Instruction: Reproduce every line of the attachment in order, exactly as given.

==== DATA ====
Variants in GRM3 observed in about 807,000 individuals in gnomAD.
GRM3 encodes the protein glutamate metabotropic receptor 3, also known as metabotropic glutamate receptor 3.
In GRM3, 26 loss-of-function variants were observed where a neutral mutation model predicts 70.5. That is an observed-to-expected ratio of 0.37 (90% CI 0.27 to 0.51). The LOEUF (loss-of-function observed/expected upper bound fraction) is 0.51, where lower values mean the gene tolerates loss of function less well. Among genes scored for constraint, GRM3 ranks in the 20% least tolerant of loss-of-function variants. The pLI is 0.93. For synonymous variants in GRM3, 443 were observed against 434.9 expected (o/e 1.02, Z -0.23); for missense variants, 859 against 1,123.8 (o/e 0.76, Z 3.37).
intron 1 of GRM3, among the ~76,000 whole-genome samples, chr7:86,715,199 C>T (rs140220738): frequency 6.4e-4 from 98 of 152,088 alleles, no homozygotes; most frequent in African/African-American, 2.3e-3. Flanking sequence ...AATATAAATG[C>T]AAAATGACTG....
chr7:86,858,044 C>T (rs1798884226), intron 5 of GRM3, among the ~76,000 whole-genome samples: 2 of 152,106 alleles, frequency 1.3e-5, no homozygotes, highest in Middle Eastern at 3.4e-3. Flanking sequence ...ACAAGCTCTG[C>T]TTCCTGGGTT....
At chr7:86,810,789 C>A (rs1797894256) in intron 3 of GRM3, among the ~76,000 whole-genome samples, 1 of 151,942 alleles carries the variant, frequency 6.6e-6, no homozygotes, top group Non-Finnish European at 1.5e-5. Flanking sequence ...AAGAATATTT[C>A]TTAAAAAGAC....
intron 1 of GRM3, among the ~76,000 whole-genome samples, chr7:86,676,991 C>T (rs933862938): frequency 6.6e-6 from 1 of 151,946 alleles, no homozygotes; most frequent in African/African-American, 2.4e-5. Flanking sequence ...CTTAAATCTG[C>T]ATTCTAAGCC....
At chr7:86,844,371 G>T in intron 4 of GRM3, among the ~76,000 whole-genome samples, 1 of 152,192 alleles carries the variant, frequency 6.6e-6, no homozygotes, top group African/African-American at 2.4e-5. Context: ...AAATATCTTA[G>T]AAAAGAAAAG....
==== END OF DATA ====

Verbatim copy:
Variants in GRM3 observed in about 807,000 individuals in gnomAD.
GRM3 encodes the protein glutamate metabotropic receptor 3, also known as metabotropic glutamate receptor 3.
In GRM3, 26 loss-of-function variants were observed where a neutral mutation model predicts 70.5. That is an observed-to-expected ratio of 0.37 (90% CI 0.27 to 0.51). The LOEUF (loss-of-function observed/expected upper bound fraction) is 0.51, where lower values mean the gene tolerates loss of function less well. Among genes scored for constraint, GRM3 ranks in the 20% least tolerant of loss-of-function variants. The pLI is 0.93. For synonymous variants in GRM3, 443 were observed against 434.9 expected (o/e 1.02, Z -0.23); for missense variants, 859 against 1,123.8 (o/e 0.76, Z 3.37).
intron 1 of GRM3, among the ~76,000 whole-genome samples, chr7:86,715,199 C>T (rs140220738): frequency 6.4e-4 from 98 of 152,088 alleles, no homozygotes; most frequent in African/African-American, 2.3e-3. Flanking sequence ...AATATAAATG[C>T]AAAATGACTG....
chr7:86,858,044 C>T (rs1798884226), intron 5 of GRM3, among the ~76,000 whole-genome samples: 2 of 152,106 alleles, frequency 1.3e-5, no homozygotes, highest in Middle Eastern at 3.4e-3. Flanking sequence ...ACAAGCTCTG[C>T]TTCCTGGGTT....
At chr7:86,810,789 C>A (rs1797894256) in intron 3 of GRM3, among the ~76,000 whole-genome samples, 1 of 151,942 alleles carries the variant, frequency 6.6e-6, no homozygotes, top group Non-Finnish European at 1.5e-5. Flanking sequence ...AAGAATATTT[C>A]TTAAAAAGAC....
intron 1 of GRM3, among the ~76,000 whole-genome samples, chr7:86,676,991 C>T (rs933862938): frequency 6.6e-6 from 1 of 151,946 alleles, no homozygotes; most frequent in African/African-American, 2.4e-5. Flanking sequence ...CTTAAATCTG[C>T]ATTCTAAGCC....
At chr7:86,844,371 G>T in intron 4 of GRM3, among the ~76,000 whole-genome samples, 1 of 152,192 alleles carries the variant, frequency 6.6e-6, no homozygotes, top group African/African-American at 2.4e-5. Context: ...AAATATCTTA[G>T]AAAAGAAAAG....